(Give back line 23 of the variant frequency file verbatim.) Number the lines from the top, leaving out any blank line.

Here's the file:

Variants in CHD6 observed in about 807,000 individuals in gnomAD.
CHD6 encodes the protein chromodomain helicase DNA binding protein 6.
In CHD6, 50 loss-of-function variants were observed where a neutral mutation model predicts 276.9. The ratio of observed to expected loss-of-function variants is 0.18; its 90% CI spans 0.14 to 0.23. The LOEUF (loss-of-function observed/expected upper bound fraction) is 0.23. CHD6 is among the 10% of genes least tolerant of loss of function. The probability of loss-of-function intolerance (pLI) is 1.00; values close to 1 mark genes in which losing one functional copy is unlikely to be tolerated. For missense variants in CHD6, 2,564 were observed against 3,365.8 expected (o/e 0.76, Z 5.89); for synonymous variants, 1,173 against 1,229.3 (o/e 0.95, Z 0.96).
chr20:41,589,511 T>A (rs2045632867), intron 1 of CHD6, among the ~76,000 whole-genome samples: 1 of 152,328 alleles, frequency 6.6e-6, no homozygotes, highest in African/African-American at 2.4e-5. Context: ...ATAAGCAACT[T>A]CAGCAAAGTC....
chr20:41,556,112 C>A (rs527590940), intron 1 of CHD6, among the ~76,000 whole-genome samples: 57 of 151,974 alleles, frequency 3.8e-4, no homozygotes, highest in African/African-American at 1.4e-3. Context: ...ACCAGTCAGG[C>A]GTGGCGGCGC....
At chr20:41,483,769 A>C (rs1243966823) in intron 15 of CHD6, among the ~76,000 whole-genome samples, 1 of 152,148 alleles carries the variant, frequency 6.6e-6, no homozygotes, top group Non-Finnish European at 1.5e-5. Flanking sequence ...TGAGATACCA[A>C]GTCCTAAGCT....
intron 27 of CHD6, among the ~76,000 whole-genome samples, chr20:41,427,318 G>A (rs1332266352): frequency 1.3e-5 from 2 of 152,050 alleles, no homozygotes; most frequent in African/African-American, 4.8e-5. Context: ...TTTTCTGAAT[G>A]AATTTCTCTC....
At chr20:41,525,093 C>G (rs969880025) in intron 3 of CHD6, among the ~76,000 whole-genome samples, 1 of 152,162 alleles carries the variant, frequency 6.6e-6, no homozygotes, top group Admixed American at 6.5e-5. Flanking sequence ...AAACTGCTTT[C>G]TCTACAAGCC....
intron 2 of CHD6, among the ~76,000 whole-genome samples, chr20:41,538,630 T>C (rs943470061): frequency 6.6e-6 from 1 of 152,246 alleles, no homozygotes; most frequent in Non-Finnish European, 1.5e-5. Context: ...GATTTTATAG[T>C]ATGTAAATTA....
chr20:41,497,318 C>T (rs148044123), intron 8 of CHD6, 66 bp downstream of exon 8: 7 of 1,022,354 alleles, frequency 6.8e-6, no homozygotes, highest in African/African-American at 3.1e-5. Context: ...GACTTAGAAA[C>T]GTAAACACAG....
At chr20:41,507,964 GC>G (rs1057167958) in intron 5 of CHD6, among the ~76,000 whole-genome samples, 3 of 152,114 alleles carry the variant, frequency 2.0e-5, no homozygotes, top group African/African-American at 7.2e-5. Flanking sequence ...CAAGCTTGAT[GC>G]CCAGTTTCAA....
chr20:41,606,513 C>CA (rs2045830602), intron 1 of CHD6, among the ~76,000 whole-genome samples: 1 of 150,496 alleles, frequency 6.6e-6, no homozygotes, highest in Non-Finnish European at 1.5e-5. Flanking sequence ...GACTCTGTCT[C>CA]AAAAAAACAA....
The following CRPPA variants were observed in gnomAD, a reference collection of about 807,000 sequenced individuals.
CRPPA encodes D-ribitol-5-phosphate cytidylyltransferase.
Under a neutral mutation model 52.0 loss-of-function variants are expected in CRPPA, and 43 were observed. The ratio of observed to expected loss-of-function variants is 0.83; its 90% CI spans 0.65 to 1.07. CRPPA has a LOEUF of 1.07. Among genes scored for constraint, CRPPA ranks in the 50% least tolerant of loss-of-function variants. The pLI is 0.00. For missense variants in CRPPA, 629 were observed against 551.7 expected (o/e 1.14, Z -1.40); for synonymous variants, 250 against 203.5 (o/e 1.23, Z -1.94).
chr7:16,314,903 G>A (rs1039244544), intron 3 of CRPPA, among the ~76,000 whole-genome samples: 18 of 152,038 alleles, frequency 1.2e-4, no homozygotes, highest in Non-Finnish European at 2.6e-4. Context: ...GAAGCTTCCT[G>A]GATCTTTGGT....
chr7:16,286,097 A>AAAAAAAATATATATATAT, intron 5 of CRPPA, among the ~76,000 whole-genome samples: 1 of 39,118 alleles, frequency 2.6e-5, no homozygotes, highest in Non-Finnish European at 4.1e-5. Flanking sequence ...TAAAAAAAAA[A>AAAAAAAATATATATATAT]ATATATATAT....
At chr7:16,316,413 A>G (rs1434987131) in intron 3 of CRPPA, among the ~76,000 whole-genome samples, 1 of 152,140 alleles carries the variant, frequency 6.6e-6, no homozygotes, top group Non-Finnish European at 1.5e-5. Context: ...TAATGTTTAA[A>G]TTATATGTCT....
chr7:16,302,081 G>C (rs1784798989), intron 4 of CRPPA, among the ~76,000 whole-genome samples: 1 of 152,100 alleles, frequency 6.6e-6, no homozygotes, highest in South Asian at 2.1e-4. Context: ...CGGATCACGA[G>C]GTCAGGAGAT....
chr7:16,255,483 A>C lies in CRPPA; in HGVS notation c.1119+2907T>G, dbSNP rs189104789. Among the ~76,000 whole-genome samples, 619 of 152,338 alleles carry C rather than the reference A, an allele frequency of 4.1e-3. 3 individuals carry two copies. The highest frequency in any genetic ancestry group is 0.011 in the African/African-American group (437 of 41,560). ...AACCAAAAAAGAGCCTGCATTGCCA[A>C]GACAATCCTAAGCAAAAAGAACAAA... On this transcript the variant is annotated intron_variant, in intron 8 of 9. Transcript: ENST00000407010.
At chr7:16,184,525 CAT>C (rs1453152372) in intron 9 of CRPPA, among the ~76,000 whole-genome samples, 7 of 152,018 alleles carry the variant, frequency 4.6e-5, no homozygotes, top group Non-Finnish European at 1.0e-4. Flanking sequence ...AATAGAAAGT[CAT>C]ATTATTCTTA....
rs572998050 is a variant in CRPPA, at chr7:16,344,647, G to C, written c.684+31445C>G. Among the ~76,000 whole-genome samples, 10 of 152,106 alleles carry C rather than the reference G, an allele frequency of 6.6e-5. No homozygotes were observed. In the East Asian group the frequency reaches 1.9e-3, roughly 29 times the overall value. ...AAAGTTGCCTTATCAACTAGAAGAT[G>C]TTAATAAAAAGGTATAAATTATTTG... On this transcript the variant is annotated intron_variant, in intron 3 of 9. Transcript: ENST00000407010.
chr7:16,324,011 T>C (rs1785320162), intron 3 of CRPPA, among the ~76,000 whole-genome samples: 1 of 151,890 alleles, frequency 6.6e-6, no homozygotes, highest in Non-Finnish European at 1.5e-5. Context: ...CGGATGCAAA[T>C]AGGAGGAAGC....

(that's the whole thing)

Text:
chr7:16,324,011 T>C (rs1785320162), intron 3 of CRPPA, among the ~76,000 whole-genome samples: 1 of 151,890 alleles, frequency 6.6e-6, no homozygotes, highest in Non-Finnish European at 1.5e-5. Context: ...CGGATGCAAA[T>C]AGGAGGAAGC....